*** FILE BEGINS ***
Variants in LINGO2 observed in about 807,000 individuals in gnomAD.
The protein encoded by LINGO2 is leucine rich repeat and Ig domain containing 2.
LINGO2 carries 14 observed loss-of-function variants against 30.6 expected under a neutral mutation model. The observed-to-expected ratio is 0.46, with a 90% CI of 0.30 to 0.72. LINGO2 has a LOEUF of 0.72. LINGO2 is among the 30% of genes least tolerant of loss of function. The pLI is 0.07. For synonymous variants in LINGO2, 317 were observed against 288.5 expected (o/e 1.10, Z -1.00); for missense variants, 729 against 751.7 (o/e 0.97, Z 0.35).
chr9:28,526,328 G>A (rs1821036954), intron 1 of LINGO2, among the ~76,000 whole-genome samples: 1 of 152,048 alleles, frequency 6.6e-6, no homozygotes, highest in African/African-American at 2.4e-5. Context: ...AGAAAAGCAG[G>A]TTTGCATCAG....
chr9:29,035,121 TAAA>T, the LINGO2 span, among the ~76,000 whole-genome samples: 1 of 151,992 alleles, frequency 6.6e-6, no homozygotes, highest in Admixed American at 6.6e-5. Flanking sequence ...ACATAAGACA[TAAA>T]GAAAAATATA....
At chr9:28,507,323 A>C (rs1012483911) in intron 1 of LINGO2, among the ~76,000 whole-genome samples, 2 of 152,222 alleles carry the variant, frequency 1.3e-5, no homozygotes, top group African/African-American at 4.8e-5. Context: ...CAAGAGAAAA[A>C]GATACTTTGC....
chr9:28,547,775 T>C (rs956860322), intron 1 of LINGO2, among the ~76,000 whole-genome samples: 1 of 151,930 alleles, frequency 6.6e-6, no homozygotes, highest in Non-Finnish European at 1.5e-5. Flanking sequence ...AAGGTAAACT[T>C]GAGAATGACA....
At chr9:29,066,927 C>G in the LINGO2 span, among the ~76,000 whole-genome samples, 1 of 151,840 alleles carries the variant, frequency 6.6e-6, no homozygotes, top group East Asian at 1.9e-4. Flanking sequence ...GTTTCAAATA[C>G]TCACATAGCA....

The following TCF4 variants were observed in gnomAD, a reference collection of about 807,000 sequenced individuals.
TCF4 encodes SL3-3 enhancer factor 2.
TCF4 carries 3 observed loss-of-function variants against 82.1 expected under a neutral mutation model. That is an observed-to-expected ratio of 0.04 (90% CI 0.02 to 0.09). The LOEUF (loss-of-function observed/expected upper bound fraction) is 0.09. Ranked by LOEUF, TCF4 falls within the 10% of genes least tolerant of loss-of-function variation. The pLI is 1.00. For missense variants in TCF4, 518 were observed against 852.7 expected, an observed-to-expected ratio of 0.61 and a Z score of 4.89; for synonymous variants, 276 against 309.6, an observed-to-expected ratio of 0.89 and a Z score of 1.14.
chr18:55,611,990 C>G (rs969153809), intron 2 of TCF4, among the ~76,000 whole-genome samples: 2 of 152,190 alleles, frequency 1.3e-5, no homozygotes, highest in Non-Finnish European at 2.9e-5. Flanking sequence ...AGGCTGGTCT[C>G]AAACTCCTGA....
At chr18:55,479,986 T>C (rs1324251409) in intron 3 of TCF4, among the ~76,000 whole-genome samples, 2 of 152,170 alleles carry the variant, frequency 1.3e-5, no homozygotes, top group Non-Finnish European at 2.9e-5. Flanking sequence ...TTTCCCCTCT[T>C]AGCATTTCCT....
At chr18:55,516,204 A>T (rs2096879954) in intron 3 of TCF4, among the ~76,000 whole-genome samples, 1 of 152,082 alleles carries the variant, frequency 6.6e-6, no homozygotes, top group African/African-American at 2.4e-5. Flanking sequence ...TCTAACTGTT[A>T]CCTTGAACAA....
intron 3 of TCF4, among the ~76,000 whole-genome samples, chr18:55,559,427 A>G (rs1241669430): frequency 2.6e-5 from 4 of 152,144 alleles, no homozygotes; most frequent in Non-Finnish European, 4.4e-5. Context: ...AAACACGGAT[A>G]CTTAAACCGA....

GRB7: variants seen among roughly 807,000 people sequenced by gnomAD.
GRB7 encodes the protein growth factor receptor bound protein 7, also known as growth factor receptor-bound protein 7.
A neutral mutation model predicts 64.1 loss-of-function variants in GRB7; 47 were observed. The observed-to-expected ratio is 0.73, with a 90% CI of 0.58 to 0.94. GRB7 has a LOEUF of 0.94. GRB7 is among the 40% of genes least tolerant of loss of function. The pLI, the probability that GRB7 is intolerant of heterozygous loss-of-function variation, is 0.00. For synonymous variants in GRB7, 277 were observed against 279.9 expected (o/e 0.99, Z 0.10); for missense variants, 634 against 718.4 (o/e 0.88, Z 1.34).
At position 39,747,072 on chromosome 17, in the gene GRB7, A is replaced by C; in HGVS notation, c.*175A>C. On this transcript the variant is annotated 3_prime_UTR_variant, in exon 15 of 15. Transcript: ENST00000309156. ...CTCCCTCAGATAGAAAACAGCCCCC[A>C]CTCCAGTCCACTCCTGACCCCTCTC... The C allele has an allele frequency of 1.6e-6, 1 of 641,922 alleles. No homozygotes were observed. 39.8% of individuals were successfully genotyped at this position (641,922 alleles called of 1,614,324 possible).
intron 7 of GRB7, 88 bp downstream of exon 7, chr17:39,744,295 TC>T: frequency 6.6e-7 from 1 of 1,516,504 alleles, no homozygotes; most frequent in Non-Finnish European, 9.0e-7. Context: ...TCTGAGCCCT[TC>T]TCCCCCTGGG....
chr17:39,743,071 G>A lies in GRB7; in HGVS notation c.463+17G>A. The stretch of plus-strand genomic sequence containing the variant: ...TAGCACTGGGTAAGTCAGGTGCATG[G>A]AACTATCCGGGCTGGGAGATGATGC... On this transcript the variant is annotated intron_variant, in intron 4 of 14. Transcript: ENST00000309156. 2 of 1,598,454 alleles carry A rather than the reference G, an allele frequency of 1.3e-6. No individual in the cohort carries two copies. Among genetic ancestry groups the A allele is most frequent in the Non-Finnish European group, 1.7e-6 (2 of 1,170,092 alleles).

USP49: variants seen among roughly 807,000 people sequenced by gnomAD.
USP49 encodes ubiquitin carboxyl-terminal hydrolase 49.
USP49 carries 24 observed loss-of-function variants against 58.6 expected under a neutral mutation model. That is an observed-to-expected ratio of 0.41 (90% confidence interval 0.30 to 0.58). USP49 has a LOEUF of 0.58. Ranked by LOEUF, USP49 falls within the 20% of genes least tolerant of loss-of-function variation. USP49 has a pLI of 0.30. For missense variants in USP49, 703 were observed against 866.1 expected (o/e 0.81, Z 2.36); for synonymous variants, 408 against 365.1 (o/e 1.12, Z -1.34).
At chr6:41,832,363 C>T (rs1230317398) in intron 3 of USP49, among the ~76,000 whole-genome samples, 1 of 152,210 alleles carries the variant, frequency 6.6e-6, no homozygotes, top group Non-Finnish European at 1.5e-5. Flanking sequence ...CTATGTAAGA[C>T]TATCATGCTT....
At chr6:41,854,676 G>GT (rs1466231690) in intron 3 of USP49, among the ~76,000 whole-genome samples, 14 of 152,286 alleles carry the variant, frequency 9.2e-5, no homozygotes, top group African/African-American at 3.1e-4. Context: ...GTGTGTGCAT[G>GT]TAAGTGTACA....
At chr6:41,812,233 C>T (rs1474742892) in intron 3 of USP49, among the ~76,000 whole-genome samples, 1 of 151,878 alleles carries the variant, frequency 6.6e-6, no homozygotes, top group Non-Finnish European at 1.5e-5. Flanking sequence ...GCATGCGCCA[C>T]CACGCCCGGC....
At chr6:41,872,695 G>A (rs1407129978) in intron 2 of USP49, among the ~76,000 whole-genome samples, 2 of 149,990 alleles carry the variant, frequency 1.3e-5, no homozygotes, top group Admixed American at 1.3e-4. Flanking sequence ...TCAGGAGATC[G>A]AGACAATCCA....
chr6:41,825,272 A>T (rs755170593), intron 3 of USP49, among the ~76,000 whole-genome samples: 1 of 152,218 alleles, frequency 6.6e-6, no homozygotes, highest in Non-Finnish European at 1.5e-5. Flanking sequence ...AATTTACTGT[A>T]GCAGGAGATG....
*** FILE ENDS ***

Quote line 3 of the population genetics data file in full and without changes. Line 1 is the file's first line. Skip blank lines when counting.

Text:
LINGO2 carries 14 observed loss-of-function variants against 30.6 expected under a neutral mutation model. The observed-to-expected ratio is 0.46, with a 90% CI of 0.30 to 0.72. LINGO2 has a LOEUF of 0.72. LINGO2 is among the 30% of genes least tolerant of loss of function. The pLI is 0.07. For synonymous variants in LINGO2, 317 were observed against 288.5 expected (o/e 1.10, Z -1.00); for missense variants, 729 against 751.7 (o/e 0.97, Z 0.35).